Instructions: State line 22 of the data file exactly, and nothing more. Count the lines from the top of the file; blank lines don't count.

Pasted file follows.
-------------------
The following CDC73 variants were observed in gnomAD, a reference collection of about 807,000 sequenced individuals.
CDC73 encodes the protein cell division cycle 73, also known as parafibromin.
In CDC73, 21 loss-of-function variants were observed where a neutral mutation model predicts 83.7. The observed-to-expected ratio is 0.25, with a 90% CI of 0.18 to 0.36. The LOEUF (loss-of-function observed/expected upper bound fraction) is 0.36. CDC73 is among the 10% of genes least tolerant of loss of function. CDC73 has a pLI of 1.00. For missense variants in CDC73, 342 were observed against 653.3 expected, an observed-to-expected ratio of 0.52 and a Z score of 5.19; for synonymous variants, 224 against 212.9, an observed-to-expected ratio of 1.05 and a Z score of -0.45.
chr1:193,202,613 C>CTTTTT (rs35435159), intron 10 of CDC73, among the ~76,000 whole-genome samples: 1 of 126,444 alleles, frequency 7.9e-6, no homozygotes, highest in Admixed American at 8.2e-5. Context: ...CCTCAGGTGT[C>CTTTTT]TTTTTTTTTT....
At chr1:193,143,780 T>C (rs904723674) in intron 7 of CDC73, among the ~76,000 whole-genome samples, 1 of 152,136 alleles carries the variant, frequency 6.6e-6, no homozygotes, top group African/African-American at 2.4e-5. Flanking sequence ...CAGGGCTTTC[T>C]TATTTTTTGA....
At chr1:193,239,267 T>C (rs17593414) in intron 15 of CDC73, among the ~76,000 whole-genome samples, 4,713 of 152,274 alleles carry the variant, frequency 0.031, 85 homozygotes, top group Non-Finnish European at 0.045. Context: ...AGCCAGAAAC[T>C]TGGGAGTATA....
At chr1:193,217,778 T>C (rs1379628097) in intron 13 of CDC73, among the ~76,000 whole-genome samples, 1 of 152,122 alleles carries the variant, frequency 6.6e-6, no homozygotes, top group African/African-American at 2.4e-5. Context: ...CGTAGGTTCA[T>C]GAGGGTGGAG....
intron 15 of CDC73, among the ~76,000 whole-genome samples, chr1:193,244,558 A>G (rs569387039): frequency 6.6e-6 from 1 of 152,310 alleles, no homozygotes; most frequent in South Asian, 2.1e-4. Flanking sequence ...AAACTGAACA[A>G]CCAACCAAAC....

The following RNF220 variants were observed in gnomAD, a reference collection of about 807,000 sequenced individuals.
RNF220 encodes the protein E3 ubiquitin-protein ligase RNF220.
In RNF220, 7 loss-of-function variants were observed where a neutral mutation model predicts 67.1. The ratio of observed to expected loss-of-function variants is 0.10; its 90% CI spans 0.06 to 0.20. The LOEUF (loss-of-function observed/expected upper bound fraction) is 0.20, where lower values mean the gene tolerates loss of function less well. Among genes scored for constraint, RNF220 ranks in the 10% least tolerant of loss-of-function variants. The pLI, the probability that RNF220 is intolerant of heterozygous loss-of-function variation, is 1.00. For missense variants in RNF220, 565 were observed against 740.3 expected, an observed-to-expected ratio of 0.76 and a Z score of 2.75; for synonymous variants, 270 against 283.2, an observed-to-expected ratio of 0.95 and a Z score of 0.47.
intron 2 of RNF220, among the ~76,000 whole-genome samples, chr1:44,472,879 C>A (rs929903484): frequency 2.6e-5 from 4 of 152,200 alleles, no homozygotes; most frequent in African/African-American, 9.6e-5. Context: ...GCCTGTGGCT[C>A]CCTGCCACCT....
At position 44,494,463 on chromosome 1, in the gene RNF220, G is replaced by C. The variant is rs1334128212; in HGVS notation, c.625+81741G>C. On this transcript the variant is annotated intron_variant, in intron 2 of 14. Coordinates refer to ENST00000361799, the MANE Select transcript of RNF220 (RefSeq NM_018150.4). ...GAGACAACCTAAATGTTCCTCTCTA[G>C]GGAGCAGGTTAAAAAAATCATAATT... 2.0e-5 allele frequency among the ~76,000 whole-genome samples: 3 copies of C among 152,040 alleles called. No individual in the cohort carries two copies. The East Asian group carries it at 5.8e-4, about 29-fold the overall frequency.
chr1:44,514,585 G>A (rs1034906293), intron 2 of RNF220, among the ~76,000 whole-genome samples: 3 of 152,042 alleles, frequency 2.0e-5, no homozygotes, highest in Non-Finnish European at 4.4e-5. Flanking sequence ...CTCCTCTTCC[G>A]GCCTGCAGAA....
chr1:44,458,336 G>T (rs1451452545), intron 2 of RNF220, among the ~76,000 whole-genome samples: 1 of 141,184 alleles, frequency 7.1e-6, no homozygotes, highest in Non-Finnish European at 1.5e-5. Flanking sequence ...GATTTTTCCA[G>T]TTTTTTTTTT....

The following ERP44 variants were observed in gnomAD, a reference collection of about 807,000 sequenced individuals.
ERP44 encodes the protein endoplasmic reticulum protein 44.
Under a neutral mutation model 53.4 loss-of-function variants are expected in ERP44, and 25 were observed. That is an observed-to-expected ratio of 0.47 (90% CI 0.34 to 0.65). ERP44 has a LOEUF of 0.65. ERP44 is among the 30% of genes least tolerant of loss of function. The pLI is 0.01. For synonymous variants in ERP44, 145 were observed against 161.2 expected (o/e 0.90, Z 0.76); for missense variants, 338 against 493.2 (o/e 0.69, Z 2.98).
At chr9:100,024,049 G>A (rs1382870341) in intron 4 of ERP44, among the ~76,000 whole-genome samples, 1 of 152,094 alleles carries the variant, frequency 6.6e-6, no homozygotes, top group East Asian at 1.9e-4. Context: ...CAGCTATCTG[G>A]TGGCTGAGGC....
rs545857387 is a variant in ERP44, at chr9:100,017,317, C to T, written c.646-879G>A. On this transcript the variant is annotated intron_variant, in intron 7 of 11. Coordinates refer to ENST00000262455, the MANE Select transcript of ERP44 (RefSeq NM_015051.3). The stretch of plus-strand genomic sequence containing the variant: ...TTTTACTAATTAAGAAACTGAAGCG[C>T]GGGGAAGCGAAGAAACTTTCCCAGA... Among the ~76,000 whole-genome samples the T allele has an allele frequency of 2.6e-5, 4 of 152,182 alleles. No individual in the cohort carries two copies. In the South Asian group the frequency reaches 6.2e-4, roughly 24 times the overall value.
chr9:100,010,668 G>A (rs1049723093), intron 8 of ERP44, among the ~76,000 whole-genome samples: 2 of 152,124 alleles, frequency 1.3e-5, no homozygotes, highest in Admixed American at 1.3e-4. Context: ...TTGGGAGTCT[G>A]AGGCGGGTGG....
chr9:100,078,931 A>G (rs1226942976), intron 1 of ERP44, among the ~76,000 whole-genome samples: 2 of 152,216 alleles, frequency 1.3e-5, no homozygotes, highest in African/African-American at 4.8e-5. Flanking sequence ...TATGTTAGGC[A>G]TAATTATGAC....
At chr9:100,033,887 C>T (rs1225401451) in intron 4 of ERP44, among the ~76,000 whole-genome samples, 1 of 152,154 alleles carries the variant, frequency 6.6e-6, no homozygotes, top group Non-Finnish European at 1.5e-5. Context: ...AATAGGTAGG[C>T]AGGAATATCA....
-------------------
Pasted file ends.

chr9:100,078,931 A>G (rs1226942976), intron 1 of ERP44, among the ~76,000 whole-genome samples: 2 of 152,216 alleles, frequency 1.3e-5, no homozygotes, highest in African/African-American at 4.8e-5. Flanking sequence ...TATGTTAGGC[A>G]TAATTATGAC....